The FODMAP diet

The low FODMAP diet

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How a change in diet could help you find relief from the symptoms of IBS.

FODMAPs stand for fermentable oligosaccharides, disaccharides, monosaccharides and polyols. These are rapidly fermentable short-chain carbohydrates which may be key suspects in causing symptoms associated with irritable bowel syndrome (IBS).

These include foods high in excess fructose, lactose, fructans, galactans and polyols (including sorbitol, mannitol, xylitol and maltitol).

Foods high in FODMAPs are considered more likely to induce IBS symptoms, yet it is important to remember that these foods do not cause IBS, but merely increase symptoms.

The low FODMAP diet is a common dietary management approach to IBS relief, with a success rate of up to 70 percent of people with IBS. Minimising high FODMAP foods are likely to reduce fermentation in the large intestine, consequently reducing symptoms such as bloating, abdominal pain and altered bowel habits. 

Consulting a specialised dietitian is highly recommended before undertaking a low FODMAP diet, to ensure there are no nutritional deficiencies.  

Examples of foods high in FODMAPs and some low-FODMAP alternatives are listed in the table below. 
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High FODMAP foods

Low-FODMAP alternatives

Fruits
apples, pears, nashi pears, mango, sugar snap peas, watermelon, tinned fruit in natural juice, dried fruit, fruit juice, custard apple, rambutan, persimmon, apricots, cherries, lychee, nectarine, peaches, plums, prunes.

Vegetables

artichokes, asparagus, beetroot, Brussels sprout, broccoli, cabbage, fennel, garlic, leeks, okra, onions, peas, shallots, avocado, cauliflower, mushrooms, snow peas

Dairy products
Milk: cow, goat and sheep (regular & low-fat), Ice cream Yoghurt (regular & low-fat) Cheeses: soft & fresh (e.g. ricotta, cottage)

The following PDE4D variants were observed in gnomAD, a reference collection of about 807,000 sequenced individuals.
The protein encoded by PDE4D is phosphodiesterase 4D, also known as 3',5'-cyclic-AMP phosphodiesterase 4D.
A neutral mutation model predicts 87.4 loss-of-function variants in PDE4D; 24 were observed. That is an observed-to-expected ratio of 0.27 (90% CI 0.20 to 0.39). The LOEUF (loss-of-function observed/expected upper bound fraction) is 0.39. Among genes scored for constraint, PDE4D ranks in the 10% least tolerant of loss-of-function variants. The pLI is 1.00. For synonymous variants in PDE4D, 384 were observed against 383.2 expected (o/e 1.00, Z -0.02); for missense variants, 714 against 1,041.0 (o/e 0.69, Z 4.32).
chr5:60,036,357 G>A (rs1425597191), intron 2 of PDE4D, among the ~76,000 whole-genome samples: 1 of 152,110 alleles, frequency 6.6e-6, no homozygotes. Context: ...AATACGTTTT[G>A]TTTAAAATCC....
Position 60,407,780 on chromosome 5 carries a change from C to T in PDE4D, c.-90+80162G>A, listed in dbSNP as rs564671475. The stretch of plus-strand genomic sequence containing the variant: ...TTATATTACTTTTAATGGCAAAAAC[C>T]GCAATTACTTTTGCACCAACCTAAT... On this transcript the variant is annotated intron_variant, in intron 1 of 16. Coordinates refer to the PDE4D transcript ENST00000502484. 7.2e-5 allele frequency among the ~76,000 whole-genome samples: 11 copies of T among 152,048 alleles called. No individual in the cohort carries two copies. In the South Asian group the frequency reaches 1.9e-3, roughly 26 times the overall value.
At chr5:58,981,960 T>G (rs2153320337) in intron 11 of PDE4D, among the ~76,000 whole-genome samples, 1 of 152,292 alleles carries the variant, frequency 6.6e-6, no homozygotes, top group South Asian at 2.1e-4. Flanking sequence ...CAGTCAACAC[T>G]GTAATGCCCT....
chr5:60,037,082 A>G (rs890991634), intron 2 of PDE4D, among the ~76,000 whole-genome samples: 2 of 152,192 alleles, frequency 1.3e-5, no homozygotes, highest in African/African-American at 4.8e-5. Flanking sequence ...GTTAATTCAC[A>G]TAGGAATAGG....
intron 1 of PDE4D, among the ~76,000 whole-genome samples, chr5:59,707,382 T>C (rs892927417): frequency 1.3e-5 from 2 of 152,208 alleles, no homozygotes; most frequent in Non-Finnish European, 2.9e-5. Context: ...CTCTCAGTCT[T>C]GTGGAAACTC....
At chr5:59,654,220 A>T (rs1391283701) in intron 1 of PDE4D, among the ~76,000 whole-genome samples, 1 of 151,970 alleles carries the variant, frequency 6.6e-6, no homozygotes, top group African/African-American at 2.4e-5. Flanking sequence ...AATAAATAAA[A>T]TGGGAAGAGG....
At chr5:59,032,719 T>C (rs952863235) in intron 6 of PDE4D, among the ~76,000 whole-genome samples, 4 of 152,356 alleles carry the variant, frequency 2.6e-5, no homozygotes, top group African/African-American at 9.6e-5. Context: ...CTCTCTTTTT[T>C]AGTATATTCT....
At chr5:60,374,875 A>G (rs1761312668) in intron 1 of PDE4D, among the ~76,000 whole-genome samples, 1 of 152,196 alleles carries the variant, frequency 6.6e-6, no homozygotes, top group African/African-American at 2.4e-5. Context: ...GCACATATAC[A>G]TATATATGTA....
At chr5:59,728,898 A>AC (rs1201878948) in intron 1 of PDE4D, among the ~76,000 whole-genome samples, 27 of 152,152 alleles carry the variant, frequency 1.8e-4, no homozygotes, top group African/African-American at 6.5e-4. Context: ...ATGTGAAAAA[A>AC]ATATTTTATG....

Fruits
banana, blueberry, grapefruit, grape, honeydew melon, kiwifruit, lemon, lime, mandarin, orange, passionfruit, paw paw, raspberry, rockmelon, strawberry, tangelo.

Vegetables
bamboo shoots, bok choy, carrot, celery, capsicum, choko, choy sum, corn, eggplant, green beans, lettuce, chives, parsnip, pumpkin, silverbeet, spring onion (green only), tomato

Dairy products
Milk: lactose-free, rice milk Cheese:‘hard’ cheeses including brie, camembert Yoghurt: lactose-free Ice cream substitutes: gelati, sorbet Butter

Low FODMAP recipes

Low FODMAP breakfast smoothie

Ingredients

  • 250mls of almond or rice milk
  • 1 cup of ice
  • 1 banana (needs to be firm not ripe)
  • ½ cup of lactose free yogurt (check the label to make sure there is no inulin, otherwise use Greek yoghurt)
  • 1 tablespoon of chia seeds
  • 1 x sachet of Blackmores Probiotics+ Bowel Support

How to make

Combine all ingredients in a blender on high speed until combined and drink immediately.

Low FODMAP dessert smoothie

Ingredients

  • 1 tablespoon of almond butter
  • 2 heaped teaspoons unsweetened raw cocoa powder
  • 1 banana (needs to be firm not ripe)
  • ¼ avocado (if you are sensitive to avocado use half this amount)
  • 1 cup almond milk
  • ½ cup ice
  • 1 x sachet of Blackmores Probiotics+ Bowel Support

How to make

Combine all ingredients in a blender on high speed until combined and drink immediately.

FODMAP logo

Article first published: 13th February 2017 and updated 25th June 2018

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Thanks for this article. However, IMO it needed to be more specific. I am fructose intolerant and although I am aware that there are a few different opinions "out there", I would benefit from your opinion on tolerable quantities of the higher fodmap foods. e.g. celery & corn may be tolerated in small quantities rather than listing them as a "low fodmap" as you have done in this article.